So I sat down with a good cup of Lidl coffee (seriously, have you been to Lidl? Go, it's a German grocer now invading America. Invading is possibly not the right word when talking about Germany and America. It's like Aldi but less self deprecating and with better produce). Anyway, I sat down to think what I could do to keep myself financially in the black til the new year. I'll always confess this, my passion lies with the art I do on this website. I do enjoy regular portraits of people and I feel I've made some gorgeous things for people to have for the rest of their lives, but I sit here with this confession: my heart lies here, in conceptual art, fashion, and the human body. It just always has and always will. I think I'm decent at it. I'm not pulling an Avedon or Tim Walker just yet but at least I give it my all. So while still sitting with that cup of coffee, I tried to think, "How can I bring the worlds I shoot together?" It just sorta revealed itself as I continued drinking that wonderful caffeinated liquid: Boudoir. I should shoot boudoir more! It has elements of what I shoot creatively, and it's much more marketable than the things I already shoot. If you're sitting there reading (or listening to this) as I write this and are like, "Uh, what? Who is this? What are we talking about? What's boudoir photography? This isn't NPR, WHERE IS ROBERT SEAGULL!?!", then let me back track for a second if you're new to the concept of boudoir photography.

boudoir (/ˈbuːdwɑːr/; French: [bu.dwaʁ]) is a woman's private sitting room or salon in a furnished accommodation usually between the dining room and the bedroom, but can also refer to a woman's private bedroom. The term derives from the French verb bouder to sulk or pout, or boudeur sulk or sulking, and originally was a room for sulking in, to put away or withdraw to.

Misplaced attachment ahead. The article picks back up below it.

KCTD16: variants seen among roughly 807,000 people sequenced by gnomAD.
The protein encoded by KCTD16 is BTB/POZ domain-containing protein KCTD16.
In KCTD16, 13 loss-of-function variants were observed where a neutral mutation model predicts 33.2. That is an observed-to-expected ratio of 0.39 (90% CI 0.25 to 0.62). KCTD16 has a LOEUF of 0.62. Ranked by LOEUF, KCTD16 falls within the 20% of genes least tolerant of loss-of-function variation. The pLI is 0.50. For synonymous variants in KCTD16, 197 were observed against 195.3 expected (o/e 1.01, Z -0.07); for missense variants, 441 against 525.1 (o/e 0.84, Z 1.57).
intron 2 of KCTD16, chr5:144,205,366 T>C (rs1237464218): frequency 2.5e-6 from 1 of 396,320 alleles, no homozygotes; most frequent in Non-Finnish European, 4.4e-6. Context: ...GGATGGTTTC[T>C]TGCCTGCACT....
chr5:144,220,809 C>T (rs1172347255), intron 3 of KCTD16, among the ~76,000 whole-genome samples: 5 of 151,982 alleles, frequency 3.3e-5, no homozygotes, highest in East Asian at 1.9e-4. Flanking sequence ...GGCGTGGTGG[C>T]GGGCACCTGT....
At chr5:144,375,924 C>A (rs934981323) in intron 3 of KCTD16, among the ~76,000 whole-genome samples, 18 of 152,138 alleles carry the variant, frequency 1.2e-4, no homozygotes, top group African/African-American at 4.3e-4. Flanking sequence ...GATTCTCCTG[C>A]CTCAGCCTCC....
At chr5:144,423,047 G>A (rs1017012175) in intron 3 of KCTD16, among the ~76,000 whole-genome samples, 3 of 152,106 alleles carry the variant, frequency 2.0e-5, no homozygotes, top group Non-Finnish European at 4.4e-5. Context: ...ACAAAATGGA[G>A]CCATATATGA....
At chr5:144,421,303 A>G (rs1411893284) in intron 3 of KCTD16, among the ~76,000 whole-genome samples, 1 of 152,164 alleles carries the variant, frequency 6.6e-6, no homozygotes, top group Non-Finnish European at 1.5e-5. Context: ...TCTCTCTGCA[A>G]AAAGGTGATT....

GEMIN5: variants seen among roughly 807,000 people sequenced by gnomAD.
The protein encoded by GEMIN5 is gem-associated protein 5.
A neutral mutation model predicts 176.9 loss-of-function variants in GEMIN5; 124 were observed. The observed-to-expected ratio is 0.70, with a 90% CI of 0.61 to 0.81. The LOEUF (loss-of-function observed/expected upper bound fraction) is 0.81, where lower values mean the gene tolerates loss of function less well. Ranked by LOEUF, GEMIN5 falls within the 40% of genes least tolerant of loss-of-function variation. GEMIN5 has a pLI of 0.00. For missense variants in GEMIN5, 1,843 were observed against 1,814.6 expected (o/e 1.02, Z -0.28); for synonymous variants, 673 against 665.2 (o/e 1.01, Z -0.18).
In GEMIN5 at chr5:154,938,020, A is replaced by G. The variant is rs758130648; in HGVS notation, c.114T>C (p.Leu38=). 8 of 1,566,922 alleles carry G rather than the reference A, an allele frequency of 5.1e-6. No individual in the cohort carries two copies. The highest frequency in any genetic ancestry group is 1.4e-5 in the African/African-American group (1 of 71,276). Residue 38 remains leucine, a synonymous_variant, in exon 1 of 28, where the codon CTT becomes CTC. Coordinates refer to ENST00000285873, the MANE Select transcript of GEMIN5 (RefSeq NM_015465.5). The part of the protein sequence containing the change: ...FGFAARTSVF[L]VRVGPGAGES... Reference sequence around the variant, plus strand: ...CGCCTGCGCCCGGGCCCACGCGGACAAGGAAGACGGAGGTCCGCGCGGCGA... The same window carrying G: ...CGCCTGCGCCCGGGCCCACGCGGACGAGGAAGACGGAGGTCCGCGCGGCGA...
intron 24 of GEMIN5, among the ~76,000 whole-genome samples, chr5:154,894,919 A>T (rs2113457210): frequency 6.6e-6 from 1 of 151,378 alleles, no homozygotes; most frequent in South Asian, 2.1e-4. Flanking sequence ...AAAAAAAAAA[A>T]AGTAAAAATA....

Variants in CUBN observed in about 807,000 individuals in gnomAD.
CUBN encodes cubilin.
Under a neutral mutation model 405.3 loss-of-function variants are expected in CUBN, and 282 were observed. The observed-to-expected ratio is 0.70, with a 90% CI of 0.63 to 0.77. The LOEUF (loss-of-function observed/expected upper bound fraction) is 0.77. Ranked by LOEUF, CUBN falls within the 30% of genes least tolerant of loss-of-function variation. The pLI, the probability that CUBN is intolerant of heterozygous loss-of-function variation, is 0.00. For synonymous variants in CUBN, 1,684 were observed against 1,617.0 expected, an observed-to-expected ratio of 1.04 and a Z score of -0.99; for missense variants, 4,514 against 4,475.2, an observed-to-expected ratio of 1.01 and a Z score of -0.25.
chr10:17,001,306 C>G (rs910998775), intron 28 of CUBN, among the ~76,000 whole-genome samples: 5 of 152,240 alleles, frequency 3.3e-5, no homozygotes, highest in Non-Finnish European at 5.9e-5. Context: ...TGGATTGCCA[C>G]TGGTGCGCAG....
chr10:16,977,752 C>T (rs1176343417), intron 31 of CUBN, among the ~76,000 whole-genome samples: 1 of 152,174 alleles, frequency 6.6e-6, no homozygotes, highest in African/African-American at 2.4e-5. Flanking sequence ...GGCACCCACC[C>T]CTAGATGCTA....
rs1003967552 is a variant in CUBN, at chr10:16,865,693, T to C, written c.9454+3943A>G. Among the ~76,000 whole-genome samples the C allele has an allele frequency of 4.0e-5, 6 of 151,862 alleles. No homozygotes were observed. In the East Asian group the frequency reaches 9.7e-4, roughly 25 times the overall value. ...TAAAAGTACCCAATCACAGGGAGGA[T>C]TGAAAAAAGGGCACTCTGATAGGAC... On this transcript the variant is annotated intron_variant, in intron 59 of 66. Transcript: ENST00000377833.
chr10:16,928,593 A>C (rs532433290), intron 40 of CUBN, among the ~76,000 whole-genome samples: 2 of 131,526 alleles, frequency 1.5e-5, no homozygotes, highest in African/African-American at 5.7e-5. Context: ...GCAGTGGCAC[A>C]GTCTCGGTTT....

Yes, a literal definition of the world boudoir. It's a lady's bedroom. Or a sulking woman. This blog post is about photographing a woman sulking in her bedroom. Thanks for listening folks, goodnight.

Just kidding. Well, sorta.

Boudoir photography, in its most basic definition and form, is somewhat intimate, personal photographs that an individual (usually but not always a female) has created to give to a significant other as a gift of sorts. Now, I have lots of moments while I write that make me feel like I want to stop here and throw the computer out the window, because that's just me, so bare with me for a second as I collect my thoughts and try to continue.